Co-producing Youth Inclusive Digital Urban Governance (YUP)

Multiple cities
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Young people’s role in urban governance is critical, both to ensure that their perspectives and priorities as urban citizens are factored into the planning and management of their cities and to foster their civic engagement as future city leaders. However in many contexts, young people are disengaged from formal urban institutions, and where they do pursue urban politics, they often do so through their own insurgent practices, acting independently of, or in an adversarial approach to, local government. Such independent youth initiatives have an important role in urban governance, but there is also a need for young people’s meaningful collaboration with urban governance institutions. 

Given their high use of digital media and technological skills, digital platforms have been proposed as a fruitful approach for fostering young urban citizens’ involvement with urban governance institutions. However, our research proposes that strategies to involve young people in inclusive digital urban governance platforms need to be based on a deep understanding of the existing nature of young people’s engagement in urban governance in order to better understand the extent of and reasons for their disengagement from formal state-led spaces for participation.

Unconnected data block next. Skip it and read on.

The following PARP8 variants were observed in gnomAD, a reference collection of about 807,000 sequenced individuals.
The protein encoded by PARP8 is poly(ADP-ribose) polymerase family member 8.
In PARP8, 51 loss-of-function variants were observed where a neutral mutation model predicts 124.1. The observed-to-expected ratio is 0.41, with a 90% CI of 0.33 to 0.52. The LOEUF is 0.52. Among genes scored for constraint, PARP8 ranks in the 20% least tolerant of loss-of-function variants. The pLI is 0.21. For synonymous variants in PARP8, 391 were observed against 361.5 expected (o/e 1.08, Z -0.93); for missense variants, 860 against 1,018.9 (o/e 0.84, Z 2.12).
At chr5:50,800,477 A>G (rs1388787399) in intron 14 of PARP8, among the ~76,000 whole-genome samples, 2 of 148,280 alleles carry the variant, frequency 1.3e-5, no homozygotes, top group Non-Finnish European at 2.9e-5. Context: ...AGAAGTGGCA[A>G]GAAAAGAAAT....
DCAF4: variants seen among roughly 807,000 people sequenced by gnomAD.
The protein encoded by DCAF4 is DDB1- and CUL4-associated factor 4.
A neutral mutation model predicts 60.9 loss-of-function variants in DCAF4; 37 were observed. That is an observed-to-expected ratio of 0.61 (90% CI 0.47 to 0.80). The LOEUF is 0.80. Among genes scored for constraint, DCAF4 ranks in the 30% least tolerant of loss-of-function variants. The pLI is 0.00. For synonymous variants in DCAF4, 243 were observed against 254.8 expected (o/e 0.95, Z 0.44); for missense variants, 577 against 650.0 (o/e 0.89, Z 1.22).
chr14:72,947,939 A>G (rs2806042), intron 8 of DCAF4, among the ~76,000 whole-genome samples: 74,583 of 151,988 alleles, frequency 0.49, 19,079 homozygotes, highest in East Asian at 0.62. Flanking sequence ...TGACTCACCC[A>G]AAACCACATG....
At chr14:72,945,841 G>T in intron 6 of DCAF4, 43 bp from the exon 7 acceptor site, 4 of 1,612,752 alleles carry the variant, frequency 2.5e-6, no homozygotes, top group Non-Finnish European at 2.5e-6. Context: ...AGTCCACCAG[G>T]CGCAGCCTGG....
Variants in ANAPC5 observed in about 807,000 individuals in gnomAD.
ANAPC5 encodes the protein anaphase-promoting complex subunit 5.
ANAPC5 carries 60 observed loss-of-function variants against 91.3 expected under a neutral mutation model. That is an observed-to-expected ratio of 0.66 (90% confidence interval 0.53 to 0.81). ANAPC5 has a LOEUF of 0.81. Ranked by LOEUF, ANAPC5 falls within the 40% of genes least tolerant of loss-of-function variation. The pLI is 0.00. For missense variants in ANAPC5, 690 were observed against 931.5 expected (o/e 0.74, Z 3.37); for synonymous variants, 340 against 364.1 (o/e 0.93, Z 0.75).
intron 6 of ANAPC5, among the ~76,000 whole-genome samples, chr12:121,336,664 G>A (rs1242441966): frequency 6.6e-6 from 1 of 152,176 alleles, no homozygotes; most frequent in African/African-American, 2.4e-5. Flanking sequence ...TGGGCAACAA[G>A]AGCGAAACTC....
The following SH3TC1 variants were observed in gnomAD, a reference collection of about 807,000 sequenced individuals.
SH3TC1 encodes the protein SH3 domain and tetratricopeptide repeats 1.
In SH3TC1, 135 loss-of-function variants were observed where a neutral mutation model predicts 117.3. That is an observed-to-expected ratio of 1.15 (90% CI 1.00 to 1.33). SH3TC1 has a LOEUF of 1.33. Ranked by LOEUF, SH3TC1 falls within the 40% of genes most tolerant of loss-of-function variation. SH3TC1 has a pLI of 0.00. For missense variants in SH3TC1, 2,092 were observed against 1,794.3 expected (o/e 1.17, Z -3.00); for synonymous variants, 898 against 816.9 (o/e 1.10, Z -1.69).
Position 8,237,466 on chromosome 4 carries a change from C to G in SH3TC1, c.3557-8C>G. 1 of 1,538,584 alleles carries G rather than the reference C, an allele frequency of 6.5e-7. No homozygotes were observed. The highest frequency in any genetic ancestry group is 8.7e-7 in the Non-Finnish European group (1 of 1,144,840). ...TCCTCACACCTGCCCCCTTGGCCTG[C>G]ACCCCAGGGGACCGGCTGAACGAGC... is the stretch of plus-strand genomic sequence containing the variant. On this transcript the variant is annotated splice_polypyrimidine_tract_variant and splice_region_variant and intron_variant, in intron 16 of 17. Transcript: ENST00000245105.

Accordingly, our research will focus on four small to medium-sized cities in Indonesia and Lebanon where our local consortium members have observed that, in the context of these exclusionary power dynamics, there is limited youth engagement with urban government-led invited spaces of participation in urban governance. Rather, in both countries, those young people who are using digital technologies to address urban issues tend to do so independently, through autonomic and/ or ‘insurgent’ planning approaches.

Methodology
To understand, and engage in this context, our research will start by documenting the factors underpinning young people’s modes of engagement in urban governance in the four case study cities through a research phase working with young people as citizen scientists. This will be achieved through documenting and critically analysing existing youth- and state-led urban platforms in our four case study cities, as well as conducting a wider quantitative survey of 4,000 - 5,000 young people’s engagement in urban governance processes across the four cities.

This basic research phase will act as a basis to co-produce and pilot inclusive collaborative urban governance platforms between a range of young people and city government actors. The policy domains addressed by the pilot interventions will be identified through the collaboration of youth activists across the four cities and the design of the pilot interventions with young participants will explicitly address power dynamics among different groups of young people and municipal actors.